By  , Monday, February 23, 2009

rings

It’s one of the ironies of love and marriage: Whether for romantic or other reasons, the onus for buying the rings often falls on the very person who knows the least about jewelry, the groom-to-be.

So maybe the best piece of advice for any male out there is this: Pretend you’re shopping for a new car and do as much homework as you would before entering the showroom.


Read on for some other useful tips:

  • Don’t Rush It-Most men take one to three months to find the right engagement ring. But you might be able to save yourself some time and stress by shopping for all three rings-the engagement ring and separate wedding bands for bride and groom-at once.”Finding three rings at the same time takes some of the pressure off the groom because it means a big part of the wedding to-do list will already be taken care of,” says jewelry and style expert Michael O’Connor. “Also, it’s easy to decide what will coordinate with the engagement ring if you see them all at the same time.” Web sites like www.whiteflash.com are terrific resources for visualizing what you need before buying, and that particular site’s policies are great when it comes to returns and lifetime trade-ups in case you decide to buy a larger stone with a different Platinum setting.
  • Know The Lingo-You already know that car dealers react differently to buyers who know what they’re talking about. So come armed with a few choice buzzwords technically known as “the four Cs”: “cut” (the proper proportions, whether a pear, oval or other shape, optimize a diamond’s natural radiance); “clarity” (the fewer a diamond’s flaws, the more valuable it is); “color” (whitest is best); and “carat” (although a higher carat weight may increase a diamond’s rarity and value, small stones can still be more expensive if the other three Cs rate highly). And remember: The center diamond generally accounts for most of the ring’s price, so it’s important to invest in a quality Platinum setting-which most brides prefer, according to the latest surveys-that will hold the diamond securely in place for a lifetime.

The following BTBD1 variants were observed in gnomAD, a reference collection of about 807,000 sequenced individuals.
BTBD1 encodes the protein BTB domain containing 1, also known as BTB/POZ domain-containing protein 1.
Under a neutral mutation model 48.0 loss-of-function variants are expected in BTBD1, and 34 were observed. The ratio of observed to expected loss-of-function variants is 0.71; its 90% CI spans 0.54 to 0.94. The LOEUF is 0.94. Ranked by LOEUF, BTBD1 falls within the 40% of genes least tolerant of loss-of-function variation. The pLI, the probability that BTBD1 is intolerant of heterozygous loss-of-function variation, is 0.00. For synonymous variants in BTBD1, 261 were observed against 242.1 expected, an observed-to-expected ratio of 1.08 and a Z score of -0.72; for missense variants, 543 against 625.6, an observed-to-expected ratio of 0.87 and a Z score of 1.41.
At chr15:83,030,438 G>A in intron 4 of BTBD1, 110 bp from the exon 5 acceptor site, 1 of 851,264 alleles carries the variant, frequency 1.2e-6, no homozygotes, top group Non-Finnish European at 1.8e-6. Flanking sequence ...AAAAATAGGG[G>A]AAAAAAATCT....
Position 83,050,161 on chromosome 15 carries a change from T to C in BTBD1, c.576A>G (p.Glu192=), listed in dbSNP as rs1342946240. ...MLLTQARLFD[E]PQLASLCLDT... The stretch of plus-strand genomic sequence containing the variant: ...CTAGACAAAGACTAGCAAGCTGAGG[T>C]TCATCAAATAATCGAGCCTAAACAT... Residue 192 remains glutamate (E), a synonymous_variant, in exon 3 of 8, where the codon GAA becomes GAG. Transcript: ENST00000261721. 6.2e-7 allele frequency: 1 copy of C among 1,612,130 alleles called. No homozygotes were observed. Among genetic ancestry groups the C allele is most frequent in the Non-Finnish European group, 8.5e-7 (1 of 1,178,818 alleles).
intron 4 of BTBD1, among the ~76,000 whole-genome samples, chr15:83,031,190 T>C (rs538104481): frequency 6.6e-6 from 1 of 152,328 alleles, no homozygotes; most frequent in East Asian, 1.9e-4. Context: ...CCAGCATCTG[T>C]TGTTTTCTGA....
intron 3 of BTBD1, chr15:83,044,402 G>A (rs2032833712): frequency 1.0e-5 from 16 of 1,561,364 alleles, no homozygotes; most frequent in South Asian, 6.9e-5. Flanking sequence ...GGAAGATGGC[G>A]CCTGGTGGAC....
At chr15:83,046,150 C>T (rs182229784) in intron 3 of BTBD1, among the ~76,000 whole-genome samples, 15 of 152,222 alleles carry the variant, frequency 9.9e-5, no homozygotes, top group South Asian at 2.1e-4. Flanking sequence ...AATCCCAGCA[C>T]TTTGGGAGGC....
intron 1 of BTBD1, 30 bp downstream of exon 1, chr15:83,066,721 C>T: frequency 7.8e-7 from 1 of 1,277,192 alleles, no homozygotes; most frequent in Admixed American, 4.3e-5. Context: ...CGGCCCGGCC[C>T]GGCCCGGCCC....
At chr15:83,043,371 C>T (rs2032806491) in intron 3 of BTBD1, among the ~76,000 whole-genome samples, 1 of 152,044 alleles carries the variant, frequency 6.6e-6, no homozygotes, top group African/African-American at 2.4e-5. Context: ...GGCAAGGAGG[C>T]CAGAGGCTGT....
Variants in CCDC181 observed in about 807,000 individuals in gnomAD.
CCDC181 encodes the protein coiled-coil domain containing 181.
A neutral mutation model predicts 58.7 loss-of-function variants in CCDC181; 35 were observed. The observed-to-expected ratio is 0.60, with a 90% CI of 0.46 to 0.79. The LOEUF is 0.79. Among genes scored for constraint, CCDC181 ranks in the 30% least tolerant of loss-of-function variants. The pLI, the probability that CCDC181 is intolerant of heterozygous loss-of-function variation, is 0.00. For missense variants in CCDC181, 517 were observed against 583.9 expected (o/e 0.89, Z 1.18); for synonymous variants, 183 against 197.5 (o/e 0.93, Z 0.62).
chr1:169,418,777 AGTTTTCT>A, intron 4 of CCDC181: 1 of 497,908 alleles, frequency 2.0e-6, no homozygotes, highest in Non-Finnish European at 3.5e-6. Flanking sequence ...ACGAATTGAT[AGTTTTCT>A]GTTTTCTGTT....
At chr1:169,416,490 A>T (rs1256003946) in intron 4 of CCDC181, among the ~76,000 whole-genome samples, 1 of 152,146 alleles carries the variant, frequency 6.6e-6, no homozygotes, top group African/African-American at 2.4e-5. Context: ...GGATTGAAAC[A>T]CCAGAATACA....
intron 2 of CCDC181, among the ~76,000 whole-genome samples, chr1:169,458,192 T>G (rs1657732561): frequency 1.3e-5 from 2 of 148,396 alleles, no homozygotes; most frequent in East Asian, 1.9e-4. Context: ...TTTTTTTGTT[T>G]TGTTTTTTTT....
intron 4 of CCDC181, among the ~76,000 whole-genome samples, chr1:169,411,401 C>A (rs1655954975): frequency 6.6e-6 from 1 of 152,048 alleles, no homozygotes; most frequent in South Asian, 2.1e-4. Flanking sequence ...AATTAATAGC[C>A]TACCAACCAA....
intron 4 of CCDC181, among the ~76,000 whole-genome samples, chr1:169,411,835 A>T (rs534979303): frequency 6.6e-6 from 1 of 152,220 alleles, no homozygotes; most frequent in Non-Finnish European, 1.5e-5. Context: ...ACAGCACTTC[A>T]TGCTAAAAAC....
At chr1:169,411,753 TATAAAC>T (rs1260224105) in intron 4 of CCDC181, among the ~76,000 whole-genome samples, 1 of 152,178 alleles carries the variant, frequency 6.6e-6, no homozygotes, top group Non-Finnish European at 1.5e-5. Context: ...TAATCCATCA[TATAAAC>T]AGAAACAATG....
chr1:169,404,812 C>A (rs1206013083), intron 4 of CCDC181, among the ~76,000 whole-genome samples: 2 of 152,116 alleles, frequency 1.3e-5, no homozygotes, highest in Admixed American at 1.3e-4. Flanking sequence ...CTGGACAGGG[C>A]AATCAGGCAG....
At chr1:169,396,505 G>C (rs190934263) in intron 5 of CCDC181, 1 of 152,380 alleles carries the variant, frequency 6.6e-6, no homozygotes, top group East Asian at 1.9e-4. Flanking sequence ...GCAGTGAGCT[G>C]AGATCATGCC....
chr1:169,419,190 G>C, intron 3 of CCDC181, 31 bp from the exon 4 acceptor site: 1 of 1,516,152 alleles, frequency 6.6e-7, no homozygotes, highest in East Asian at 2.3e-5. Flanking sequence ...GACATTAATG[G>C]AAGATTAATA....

• Know Her Style-The good news is that the three rings you buy don’t necessarily have to match. “The band and engagement ring just need to work well with one another and complement your bride’s personal style,” O’Connor explains. “Is she ‘girly’ or outdoorsy? Modern or traditional?” If you’re having trouble figuring out what she likes, talk to her friends or hit a few jewelry stores together.
  • Determine A Budget-Most men set aside two months’ salary for the engagement ring alone. So if you’re buying all three Platinum rings at once, figure on budgeting another month’s salary for the additional two rings.

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